If it turns out you can't have a high enough hedge or fence, go to the part of the garden that you most need privacy in, and look in the direction of where the view is most intrusive. Then walk along an imagined path toward the intrusive view, marking or remember spots where shrubs and trees could be placed, accounting for obstacles and features already present. Make a quick sketch of where shrubs could go. Then have a look through a gardening book or catalogue, or online at the hight and spread of shrubs and trees that are within your budget. Mark these on your sketch with hight and spread noted beside them. The nearest shrubs to your private area should be the shortest, and then ascend in hight as you get closer to the edge of your property. Lastly, go back to the area that you want to be most private with your sketch handy, and check if your plan will roughly fill in any gaps in the imagined general view. Make sure you know the widths of each shrub, as you want them to fill space without wasting any space.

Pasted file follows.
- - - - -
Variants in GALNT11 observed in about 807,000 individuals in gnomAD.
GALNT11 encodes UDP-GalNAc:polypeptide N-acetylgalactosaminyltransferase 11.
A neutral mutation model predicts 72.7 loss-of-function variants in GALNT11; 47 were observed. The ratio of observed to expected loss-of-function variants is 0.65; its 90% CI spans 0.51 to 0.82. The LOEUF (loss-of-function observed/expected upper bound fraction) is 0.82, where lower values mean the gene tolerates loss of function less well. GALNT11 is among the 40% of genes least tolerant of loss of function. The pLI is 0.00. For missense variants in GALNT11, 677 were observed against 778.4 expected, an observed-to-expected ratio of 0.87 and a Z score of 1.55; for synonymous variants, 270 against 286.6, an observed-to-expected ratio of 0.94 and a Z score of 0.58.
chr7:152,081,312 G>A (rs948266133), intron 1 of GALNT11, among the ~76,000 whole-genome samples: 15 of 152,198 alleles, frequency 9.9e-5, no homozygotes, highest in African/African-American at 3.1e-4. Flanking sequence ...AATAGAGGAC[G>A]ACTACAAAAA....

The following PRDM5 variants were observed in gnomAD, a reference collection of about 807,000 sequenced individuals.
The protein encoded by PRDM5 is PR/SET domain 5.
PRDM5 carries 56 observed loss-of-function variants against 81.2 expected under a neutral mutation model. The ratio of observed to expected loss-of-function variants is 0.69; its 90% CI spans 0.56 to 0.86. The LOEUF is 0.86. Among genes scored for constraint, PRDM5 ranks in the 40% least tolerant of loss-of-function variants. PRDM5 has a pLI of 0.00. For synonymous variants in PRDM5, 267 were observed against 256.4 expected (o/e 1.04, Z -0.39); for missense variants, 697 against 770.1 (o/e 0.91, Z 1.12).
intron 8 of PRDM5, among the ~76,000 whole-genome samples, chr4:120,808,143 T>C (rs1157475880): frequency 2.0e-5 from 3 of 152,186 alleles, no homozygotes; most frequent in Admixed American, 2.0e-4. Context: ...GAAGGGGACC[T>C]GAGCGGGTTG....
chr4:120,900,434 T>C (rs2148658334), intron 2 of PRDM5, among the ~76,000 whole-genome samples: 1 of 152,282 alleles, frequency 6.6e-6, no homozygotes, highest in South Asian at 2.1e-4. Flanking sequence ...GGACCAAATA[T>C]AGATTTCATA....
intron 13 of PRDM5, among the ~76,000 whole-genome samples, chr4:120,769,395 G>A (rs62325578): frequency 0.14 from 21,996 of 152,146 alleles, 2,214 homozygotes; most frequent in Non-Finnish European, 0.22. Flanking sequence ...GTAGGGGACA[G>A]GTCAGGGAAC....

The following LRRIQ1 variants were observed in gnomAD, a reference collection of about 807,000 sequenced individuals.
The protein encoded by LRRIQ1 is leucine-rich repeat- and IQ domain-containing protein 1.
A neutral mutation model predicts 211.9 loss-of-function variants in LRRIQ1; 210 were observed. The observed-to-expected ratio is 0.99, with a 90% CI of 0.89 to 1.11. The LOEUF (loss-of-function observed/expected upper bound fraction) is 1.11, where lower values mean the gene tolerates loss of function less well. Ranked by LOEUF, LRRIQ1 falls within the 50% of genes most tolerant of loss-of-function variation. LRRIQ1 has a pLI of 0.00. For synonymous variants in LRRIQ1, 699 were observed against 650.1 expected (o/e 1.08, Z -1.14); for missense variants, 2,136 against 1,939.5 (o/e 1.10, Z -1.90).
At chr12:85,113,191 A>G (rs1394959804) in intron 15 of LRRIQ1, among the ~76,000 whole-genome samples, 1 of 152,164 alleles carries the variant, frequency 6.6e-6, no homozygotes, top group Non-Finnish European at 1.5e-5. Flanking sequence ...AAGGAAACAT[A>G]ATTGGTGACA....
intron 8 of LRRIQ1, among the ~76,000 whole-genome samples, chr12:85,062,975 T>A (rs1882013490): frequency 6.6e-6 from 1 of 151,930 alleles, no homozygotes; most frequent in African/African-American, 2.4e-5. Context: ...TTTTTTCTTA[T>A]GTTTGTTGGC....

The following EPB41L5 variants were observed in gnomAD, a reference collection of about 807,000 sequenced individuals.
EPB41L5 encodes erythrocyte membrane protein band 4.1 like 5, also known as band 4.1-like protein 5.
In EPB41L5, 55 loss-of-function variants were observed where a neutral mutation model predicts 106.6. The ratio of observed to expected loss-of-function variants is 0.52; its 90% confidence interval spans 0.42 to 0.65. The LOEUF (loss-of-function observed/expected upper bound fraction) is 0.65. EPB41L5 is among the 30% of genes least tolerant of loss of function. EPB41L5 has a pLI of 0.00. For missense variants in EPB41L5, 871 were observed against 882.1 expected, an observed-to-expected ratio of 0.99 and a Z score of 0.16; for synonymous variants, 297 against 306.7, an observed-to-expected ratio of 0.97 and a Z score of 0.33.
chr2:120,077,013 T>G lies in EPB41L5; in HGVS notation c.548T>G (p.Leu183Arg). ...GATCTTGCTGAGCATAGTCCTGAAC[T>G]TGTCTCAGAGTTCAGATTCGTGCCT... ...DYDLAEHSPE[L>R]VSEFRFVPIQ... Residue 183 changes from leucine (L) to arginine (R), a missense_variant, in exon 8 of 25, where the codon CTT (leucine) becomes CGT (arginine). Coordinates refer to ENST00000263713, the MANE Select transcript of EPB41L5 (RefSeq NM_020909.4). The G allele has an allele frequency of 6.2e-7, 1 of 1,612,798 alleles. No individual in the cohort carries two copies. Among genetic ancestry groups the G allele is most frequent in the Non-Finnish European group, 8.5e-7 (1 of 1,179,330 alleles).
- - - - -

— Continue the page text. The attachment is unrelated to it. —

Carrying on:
It really doesn’t matter what shrubs you use as long as they increase in hight toward the back, so you can use stuff that you find online in the sales, sort out bits here and there take cutting etc. while you build up your collection. When you have chosen where to put your shrubs plan the pathways and areas for sitting to weave around them. This way you get maximum flexibility without having to worry about getting all your plants in one go, and you get to choose plants as you spot them in the sales, or even grow your own from seed. You don't have to worry about the hight of your hedge or fence because you are not planting one, you only have specimen trees and shrubs. You will find that you have to put in far fewer shrubs than you might expect in order to fill in the imagined horizon of your garden.